Wells Fargo is correct that if Debtor’s evidence merely raised some “metaphysical doubt” as to the validity of the indorsement, Matsushita Elec. Indus. Co. v. Zenith Radio Corp., 475 U.S. 574, 586 (1986), Debtor would not have satisfied its burden and thus would not have overcome the presumption of validity in § 3.308, see, e.g., In re Connelly, 487 B.R. 230, 244 (Bankr. D. Ariz. 2013) (holding that the plaintiff, who challenged the authenticity of a deed of trust and other relevant documents but only “promised to bring forth additional evidence at a later date,” relied on “metaphysical doubt [rather] than evidence deserving all reasonable inference”).
Here, however, Debtor has not relied on mere speculation and conclusory assertions to overcome the presumption. Rather, Debtor offered specific evidence from which the bankruptcy court found that a reasonable juror could draw the inference that the blank indorsement was not genuine. Wells Fargo’s arguments to the contrary are not persuasive.
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Oh, brother. Remember last year when I told you about the file that had the two Allonges in it, one direct from Deep Green to Wachovia/Wells Fargo and one endorsed in blank? And how when I asked WF which one was attached to the Note, they told me it was the one in blank.... which was bullshit because they are only saying that so that they can play the bearer paper game, right: Holder of the Note has the Right to Foreclose.
You see, when I asked for the Original Note it was MIA but they had some guy who actually worked at Kay Jewelers or Zales -- one of the two I forget -- sign a Lost Note Affidavit even though he couldn't have any Actual or Constructive Knowledge of what the hell he was talking about because he was busy slinging lowbrow jewelry to the masses when the family allegedly signed the Note. Insane, right? But welcome to the Wacky World of Wells Fargo. Honorable U.S. Bankruptcy Judge Robert Drain cracked Wells Fargo's head open over similar fabrications not long ago so one would think they would learn, right? Apparently not, so they want to pass this Rule 11 hot mess on to the next Counsel, so I can go badger them when it comes time for a public Court hearing right.
Well anyway since that time we've seen Marie McDonnell review the purported Allonges and she agreed and went on to say that they're not even recordable documents.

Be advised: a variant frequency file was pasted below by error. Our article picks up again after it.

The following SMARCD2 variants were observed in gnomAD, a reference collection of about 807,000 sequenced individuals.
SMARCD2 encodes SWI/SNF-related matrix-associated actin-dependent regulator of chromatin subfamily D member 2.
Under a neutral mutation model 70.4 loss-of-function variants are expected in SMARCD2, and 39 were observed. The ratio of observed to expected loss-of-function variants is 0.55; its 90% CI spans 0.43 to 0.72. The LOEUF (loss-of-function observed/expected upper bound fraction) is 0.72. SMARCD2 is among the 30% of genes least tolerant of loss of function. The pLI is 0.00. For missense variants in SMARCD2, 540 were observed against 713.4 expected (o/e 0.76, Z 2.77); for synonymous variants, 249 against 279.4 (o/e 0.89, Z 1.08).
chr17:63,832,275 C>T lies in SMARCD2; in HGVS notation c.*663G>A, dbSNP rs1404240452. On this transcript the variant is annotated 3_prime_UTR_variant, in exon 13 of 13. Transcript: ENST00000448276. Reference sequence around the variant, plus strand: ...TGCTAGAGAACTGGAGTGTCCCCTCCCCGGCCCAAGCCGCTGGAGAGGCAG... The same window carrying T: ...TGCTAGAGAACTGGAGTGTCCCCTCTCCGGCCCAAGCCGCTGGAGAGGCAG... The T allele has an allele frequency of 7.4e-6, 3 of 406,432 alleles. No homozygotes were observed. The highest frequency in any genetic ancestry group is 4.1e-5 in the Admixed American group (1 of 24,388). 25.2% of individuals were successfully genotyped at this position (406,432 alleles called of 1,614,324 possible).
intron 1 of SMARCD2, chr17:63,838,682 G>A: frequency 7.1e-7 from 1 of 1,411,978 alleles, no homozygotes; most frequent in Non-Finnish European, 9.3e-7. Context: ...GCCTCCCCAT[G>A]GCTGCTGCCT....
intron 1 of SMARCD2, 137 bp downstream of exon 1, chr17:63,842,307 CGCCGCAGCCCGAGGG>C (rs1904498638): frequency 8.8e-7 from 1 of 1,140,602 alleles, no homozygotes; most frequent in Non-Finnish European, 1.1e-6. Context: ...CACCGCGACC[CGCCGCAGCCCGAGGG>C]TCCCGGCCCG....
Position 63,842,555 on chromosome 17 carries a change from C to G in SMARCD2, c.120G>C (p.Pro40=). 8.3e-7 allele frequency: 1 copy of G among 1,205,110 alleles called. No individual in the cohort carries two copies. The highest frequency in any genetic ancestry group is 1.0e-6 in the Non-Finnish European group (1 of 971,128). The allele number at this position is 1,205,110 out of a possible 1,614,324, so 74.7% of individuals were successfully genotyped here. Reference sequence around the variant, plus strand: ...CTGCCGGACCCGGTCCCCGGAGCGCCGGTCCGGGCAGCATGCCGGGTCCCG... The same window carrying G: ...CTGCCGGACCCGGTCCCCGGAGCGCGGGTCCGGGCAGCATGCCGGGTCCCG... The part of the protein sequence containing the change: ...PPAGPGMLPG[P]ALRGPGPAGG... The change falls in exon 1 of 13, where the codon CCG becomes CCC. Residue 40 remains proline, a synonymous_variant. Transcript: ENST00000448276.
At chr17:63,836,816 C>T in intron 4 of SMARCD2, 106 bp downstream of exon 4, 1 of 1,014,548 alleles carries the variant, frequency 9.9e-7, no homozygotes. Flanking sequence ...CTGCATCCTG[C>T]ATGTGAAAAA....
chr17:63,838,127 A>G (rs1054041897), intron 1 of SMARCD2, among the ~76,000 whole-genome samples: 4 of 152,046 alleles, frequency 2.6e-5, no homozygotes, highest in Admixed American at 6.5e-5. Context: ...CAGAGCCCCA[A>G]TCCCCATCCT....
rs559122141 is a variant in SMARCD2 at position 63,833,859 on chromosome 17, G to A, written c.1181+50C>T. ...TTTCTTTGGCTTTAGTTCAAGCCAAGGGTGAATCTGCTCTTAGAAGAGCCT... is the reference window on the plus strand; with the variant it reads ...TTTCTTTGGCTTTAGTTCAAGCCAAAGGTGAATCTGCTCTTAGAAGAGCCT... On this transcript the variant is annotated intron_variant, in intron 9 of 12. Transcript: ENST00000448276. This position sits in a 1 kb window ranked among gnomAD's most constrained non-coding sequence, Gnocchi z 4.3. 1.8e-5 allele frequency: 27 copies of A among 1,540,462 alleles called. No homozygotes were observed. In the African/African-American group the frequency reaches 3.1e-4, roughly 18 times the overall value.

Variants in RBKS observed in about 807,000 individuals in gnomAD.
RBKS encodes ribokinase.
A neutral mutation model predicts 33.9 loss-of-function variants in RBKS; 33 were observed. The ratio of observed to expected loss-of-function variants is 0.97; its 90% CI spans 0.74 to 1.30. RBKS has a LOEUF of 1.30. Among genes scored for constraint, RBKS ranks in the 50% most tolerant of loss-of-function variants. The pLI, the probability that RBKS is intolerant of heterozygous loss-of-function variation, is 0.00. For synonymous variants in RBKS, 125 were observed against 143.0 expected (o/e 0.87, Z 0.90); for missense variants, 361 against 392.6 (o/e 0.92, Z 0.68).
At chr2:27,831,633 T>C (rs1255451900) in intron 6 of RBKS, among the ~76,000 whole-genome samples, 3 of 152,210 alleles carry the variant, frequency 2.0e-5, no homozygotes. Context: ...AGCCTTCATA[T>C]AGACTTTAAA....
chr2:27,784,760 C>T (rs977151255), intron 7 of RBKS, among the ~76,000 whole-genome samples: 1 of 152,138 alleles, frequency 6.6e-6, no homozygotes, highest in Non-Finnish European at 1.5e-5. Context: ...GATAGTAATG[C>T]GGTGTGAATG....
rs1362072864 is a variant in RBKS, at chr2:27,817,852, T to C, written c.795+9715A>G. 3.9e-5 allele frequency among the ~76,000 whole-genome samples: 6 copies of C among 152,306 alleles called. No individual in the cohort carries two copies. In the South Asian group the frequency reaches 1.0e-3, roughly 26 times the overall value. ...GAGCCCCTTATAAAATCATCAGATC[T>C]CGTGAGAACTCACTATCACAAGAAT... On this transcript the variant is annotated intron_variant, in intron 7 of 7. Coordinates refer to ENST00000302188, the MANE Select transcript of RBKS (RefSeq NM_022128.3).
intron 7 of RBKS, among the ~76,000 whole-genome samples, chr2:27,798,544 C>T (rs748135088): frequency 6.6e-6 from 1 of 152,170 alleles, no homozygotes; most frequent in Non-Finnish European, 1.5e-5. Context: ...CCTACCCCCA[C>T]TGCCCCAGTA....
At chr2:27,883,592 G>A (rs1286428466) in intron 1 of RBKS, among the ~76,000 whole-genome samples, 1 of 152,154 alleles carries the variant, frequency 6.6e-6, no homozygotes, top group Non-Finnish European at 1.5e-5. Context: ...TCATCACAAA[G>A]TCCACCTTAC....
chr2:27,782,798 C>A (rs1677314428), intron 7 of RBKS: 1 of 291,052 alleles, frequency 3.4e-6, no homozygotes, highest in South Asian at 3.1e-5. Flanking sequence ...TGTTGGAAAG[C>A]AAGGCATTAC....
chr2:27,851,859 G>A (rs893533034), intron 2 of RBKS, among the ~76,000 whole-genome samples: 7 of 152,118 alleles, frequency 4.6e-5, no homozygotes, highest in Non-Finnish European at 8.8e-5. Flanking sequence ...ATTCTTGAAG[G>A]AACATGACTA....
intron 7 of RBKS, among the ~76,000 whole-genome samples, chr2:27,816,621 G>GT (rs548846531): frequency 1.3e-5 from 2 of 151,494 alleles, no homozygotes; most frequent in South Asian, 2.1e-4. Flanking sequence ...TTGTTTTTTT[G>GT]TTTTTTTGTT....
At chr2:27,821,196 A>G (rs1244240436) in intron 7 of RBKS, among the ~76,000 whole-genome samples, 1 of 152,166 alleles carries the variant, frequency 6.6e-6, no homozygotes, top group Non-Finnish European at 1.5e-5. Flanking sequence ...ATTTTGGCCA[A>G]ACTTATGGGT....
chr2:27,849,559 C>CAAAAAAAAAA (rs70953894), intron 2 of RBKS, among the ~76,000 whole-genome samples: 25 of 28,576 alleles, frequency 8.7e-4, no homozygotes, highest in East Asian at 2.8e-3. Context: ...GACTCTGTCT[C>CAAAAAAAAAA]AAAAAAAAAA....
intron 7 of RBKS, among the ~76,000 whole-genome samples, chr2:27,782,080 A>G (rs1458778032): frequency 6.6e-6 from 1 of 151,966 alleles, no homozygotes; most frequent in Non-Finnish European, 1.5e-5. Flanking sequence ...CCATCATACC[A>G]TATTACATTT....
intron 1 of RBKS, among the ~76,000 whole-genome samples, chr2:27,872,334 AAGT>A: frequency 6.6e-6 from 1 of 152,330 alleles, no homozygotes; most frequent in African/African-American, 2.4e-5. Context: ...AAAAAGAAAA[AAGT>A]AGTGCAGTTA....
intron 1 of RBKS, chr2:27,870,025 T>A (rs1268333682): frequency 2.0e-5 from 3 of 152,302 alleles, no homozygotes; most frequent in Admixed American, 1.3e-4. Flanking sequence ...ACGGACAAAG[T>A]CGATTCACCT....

Meanwhile in the related Foreclosure Case Snohomish County No. 16-2-02643-3, Wells Fargo even committed a Rule 11 violation in my opinion by arguing that they were in First Position. This is an argument heretofore never advanced and believe me I have been deep into it with their Routh, Crabtree & Olsen ("RCO") attorneys for more than a year as a housing advocate before referring it out to Learned Counsel Scott Stafne. So Ms. McDonnell and Attorney Stafne worked together and Counterclaimed a Fair Debt Collection Practices ("FDCPA") Action, which apparently predicated RCO or the client (WF) to punt for new, Special Counsel, identity not disclosed. And when I say not disclosed, I mean not disclosed for a couple of weeks now to my understanding.
The family's renewed offer of Settlement remains stagnant and on the table, I guess. Guessing is all one can do at this point because none of this makes any sense. Read the recent emails below with RCO Attorneys Synova M.L. Edwards and Janaya L. Carter at the helm:
Licensed to Practice Law in Washington
Licensed to Practice Law in Idaho, Oregon and Washington
Dear Attorney Carter:We have not spoken yet but you may have heard my two-allonge phone call on the C____________ file.It is my understanding that you and your client basically committed a Rule 11 & FDCPA violation by falsely claiming that Wells Fargo was in the First Position. Mr. C__________ informs me that he in turn filed an FDCPA Counterclaim as you and your client knew they had no colorable claim relative to your position.Mr. C___________ also informs me that he and his Counsel made you and your client a Settlement offer that remains unanswered, and he further informs that you and your client have represented that new, special Counsel is joining, has joined, or may possibly be about to be joining this case.Could you please clarify your client's position before I go to press this Friday, 26 August, on:1. Your belief that WF was in the First Position;2. The identity of new, special Counsel, and;3. Your client's position on Settlement and apparent Bad Faith failure to respond to Mr. C____________ Offer of Settlement.Relative to my phone call on this, there are pictures of the allonges you can download at the link below; I know that Marie McDonnell researched them and she agreed with me that not only are they fraudulent, they're not even real, valid recordable documents. I was a Title Insurance producer/Closing Escrow Attorney by the way so it's not my first time at the rodeo, so to speak.You may know of my by way of Wetmore v.NWTS, a prior case involving, in part, my journalism.Attorney Edwards is well aware of the history and is therefore copied on this email.Please advise.
I don't need them to advise me of anything. I ran my Lexis search, not finished yet but check this out, especially the Ohio case at the end.
For the foregoing reasons, Wells Fargo's motion to dismiss is granted. In so ruling, the court does not hold or even suggest that Wells Fargo did not violate the FHA, that Wells Fargo did not engage in reverse redlining, or that the direct victims ofWells Fargo's alleged misconduct do not deserve compensation (they have received compensation thanks to the diligent efforts of the DOJ and the Attorney General of Illinois). Rather, the court's ruling rests solely on its conclusion that, on the complaint' allegations, Cook County is not within the FHA's zone of interests. Because Cook County has brought only an FHA claim, the complaint is dismissed.